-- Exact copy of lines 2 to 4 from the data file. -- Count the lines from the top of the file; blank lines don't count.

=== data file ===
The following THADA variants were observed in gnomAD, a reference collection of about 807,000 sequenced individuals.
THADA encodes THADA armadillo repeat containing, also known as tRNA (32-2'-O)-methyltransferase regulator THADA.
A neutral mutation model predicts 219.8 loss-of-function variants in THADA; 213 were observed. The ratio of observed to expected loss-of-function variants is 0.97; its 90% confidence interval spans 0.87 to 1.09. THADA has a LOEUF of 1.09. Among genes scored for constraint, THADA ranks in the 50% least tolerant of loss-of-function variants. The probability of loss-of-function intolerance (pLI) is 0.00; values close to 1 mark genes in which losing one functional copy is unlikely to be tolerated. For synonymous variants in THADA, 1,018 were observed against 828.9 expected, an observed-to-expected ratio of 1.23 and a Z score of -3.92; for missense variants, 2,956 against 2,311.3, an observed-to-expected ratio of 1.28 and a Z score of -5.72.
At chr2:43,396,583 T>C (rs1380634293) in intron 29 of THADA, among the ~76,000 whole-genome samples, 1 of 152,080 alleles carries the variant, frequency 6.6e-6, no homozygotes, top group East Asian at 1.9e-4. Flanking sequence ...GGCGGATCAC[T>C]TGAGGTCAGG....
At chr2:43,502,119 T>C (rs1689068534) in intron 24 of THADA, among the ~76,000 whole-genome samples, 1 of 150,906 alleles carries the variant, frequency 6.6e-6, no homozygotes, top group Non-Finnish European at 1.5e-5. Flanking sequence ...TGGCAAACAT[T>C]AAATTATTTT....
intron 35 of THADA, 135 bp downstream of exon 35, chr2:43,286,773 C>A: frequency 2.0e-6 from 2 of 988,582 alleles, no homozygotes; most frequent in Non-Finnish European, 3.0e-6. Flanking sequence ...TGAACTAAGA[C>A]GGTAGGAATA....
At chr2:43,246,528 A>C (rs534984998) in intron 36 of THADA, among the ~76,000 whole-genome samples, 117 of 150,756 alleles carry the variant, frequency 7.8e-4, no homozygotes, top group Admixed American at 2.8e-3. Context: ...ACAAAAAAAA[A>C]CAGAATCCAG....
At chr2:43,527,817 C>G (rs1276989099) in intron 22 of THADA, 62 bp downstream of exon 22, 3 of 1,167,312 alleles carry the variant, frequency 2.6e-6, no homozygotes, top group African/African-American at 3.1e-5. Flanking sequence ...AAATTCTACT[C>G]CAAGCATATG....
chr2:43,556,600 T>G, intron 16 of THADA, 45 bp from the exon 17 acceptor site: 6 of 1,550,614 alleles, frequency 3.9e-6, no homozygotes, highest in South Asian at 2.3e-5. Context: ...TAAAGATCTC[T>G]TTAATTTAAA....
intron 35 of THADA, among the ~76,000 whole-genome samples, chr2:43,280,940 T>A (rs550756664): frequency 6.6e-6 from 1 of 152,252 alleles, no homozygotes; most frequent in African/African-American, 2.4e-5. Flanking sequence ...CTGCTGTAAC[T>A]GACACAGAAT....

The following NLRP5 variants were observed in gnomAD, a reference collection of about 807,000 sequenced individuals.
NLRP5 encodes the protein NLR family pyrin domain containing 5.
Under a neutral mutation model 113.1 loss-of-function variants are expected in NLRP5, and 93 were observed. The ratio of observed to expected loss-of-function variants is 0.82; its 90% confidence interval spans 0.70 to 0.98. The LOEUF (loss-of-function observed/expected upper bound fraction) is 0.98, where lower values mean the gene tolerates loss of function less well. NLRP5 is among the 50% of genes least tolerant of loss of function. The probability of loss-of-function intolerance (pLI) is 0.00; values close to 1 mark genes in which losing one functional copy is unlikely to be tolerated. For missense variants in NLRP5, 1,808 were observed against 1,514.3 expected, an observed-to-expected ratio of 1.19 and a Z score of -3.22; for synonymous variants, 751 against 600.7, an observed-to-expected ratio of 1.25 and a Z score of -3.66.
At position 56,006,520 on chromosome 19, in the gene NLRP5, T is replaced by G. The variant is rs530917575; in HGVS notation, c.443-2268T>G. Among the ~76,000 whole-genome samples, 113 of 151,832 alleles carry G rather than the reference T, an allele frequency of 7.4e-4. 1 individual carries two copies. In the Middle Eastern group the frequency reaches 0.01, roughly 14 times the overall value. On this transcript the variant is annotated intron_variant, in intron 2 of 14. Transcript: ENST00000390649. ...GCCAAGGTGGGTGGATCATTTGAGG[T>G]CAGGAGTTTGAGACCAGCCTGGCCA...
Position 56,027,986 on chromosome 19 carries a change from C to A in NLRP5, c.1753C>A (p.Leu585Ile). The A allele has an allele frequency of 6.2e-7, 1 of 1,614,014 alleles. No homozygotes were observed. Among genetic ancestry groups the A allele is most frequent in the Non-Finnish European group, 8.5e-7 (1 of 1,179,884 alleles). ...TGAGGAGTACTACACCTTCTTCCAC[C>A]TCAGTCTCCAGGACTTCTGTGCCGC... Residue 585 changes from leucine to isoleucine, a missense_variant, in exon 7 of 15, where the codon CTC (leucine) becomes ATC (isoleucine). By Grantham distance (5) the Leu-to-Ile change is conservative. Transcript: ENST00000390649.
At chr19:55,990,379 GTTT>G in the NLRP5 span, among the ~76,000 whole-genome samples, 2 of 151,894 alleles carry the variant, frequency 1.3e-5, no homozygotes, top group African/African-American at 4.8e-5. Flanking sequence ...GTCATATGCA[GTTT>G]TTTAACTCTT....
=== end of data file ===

THADA encodes THADA armadillo repeat containing, also known as tRNA (32-2'-O)-methyltransferase regulator THADA.
A neutral mutation model predicts 219.8 loss-of-function variants in THADA; 213 were observed. The ratio of observed to expected loss-of-function variants is 0.97; its 90% confidence interval spans 0.87 to 1.09. THADA has a LOEUF of 1.09. Among genes scored for constraint, THADA ranks in the 50% least tolerant of loss-of-function variants. The probability of loss-of-function intolerance (pLI) is 0.00; values close to 1 mark genes in which losing one functional copy is unlikely to be tolerated. For synonymous variants in THADA, 1,018 were observed against 828.9 expected, an observed-to-expected ratio of 1.23 and a Z score of -3.92; for missense variants, 2,956 against 2,311.3, an observed-to-expected ratio of 1.28 and a Z score of -5.72.
At chr2:43,396,583 T>C (rs1380634293) in intron 29 of THADA, among the ~76,000 whole-genome samples, 1 of 152,080 alleles carries the variant, frequency 6.6e-6, no homozygotes, top group East Asian at 1.9e-4. Flanking sequence ...GGCGGATCAC[T>C]TGAGGTCAGG....